This is part of the open Q&A on online engagement that I launched to prepare for the Policy-Making 2.0 conference. Hope to see you there!
When it comes to online engagement on public policy, one common mistake is to expect co-creation of policies from scratch.
In reality, collaborative creation “wiki-style” is the hardest to achieve. The transaction costs are very high, to enable many people to work together on a text. You simply spend a lot of time discussing and explaining. This is not fun and people are discouraged to take part. Moreover, writing a self-contained good piece of content is hard work.
It is much more suitable to design lighter forms of engagement, and more structured. We consider three phases of online collaboration: brainstorming, drafting, reviewing. The actual drafting part is very hard to do in an open way. It is easier and more effective to stimulate public engagement in the initial brainstorming phase, where people can submit short ideas, simple to create. This is often very effective to reach out to collective intelligence by asking information and ideas that is already there, at the “fingertips” of participants. In this phase, tools such as Uservoice and Ideascale are typically best, because they let anyone contribute ideas and vote on other people ideas. Unfortunately, research shows that voting is not an effective system to let innovative ideas emerge… but that’s another story.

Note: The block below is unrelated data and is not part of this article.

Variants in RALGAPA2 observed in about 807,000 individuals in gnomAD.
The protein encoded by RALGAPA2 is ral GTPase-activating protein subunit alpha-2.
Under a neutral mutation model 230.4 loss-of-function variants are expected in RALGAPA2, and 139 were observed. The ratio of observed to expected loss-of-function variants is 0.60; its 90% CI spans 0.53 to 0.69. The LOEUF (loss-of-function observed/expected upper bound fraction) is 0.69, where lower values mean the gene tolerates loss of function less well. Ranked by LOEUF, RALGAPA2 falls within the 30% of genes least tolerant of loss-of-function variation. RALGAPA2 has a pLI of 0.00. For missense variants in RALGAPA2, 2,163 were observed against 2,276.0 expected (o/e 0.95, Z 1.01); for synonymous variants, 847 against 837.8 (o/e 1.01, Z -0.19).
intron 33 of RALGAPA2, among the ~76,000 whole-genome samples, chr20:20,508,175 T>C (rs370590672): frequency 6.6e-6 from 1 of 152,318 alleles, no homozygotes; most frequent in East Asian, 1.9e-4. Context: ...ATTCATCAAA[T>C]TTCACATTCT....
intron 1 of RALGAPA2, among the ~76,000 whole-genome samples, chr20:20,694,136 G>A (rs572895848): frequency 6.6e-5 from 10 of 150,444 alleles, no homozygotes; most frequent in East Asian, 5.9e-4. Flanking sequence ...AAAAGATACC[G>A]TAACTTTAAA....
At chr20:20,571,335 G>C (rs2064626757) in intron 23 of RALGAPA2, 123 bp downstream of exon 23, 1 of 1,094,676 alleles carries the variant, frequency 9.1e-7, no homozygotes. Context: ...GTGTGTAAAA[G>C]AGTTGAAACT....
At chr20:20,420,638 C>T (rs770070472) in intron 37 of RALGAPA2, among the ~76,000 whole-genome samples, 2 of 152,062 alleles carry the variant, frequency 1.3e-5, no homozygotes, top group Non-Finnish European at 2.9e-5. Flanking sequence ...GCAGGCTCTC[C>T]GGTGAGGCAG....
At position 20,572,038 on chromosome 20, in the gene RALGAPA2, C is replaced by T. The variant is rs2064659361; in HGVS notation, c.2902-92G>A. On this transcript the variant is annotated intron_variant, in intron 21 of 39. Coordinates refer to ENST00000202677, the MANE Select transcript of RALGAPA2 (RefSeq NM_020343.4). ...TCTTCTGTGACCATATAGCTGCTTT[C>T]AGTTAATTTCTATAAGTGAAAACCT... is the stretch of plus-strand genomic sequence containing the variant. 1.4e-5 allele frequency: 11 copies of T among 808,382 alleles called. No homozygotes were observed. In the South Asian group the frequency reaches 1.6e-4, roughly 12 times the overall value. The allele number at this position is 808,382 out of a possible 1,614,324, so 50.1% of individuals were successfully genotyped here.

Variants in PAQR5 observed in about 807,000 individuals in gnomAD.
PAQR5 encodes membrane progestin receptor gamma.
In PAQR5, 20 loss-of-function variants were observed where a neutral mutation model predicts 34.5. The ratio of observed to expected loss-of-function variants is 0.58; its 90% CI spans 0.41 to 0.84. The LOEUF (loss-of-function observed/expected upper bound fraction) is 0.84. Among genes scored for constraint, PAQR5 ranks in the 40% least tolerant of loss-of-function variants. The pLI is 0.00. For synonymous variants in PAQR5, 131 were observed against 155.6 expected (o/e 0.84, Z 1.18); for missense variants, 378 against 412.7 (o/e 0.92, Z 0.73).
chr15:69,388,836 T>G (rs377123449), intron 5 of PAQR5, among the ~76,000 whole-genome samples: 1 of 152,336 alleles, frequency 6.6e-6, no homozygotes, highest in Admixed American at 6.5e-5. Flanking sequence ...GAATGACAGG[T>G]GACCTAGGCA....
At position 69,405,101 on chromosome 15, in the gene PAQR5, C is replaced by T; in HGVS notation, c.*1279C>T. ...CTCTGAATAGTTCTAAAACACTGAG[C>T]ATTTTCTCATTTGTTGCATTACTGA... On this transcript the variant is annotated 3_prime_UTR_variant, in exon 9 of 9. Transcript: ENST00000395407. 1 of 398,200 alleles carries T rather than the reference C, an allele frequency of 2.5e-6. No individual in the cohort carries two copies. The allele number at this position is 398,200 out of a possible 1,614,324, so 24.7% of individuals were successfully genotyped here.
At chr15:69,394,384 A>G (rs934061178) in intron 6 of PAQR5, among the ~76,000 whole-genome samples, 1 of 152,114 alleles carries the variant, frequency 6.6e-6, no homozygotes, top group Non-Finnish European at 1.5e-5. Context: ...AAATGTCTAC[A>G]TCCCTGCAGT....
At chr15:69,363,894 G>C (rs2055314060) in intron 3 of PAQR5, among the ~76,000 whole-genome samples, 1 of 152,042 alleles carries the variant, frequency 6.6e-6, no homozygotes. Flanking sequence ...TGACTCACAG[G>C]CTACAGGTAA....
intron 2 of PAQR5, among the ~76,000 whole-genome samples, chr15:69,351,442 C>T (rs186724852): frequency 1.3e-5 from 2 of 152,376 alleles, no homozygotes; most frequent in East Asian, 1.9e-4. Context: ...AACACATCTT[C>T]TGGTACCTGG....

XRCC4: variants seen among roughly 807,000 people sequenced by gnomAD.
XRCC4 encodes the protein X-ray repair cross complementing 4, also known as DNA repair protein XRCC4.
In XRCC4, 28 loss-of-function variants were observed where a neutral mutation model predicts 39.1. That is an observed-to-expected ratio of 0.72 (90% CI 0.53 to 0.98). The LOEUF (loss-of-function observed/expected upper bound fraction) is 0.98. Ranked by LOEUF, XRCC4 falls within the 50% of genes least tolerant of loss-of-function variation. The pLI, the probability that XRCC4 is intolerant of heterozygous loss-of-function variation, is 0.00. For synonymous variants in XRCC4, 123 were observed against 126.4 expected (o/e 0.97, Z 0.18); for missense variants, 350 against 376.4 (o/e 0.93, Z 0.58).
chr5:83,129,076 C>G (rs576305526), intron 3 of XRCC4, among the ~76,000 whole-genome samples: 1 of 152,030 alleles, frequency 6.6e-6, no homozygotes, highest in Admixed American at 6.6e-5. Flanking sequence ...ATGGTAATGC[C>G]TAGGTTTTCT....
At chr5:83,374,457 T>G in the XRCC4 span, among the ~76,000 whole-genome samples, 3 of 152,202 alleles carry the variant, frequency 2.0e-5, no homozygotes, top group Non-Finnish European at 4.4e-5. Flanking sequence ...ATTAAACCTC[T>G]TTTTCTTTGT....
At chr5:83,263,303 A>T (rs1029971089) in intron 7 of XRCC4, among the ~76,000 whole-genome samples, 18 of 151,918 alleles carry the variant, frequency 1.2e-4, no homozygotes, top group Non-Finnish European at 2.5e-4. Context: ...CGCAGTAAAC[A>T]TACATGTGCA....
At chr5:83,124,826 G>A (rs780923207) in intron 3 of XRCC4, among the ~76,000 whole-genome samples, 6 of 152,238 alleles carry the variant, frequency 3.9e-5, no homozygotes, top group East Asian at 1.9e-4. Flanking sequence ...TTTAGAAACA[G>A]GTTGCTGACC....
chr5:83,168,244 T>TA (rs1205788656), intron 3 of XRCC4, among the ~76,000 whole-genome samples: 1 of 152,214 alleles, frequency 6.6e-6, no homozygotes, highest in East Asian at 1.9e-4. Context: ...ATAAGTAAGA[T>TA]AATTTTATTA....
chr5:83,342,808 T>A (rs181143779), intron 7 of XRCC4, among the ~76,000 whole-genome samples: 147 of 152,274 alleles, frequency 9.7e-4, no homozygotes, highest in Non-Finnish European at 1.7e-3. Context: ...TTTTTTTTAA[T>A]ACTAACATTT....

The actual drafting of structured documents (based on this brainstorming phase) is far easier to implement through a small group.
This restricted drafting should be followed by an open commenting phase through tools such as co-ment. It’s easier and effective to have participants to comment on a prepared text, rather than create one from scratch. Also, comments tend to be very valuable and high-quality here because the full context is provided.
This need for lighter forms of engagement is also reflected in the fact that wikis have not become hugely popular, while blogs have.
This process (open brainstorming, closed drafting and open commenting) is what worked in the Open Declaration on EU Public Services. It is also the way OpenIdeo is designed: the initial inspiration/brainstorming phase and the “clapping” phase are those with greater public engagement.
So, if you want to engage citizens in policy-making, design simple processes that do not require extensive collaborative drafting but rather exploit collective intelligence in the brainstorming and reviewing phase.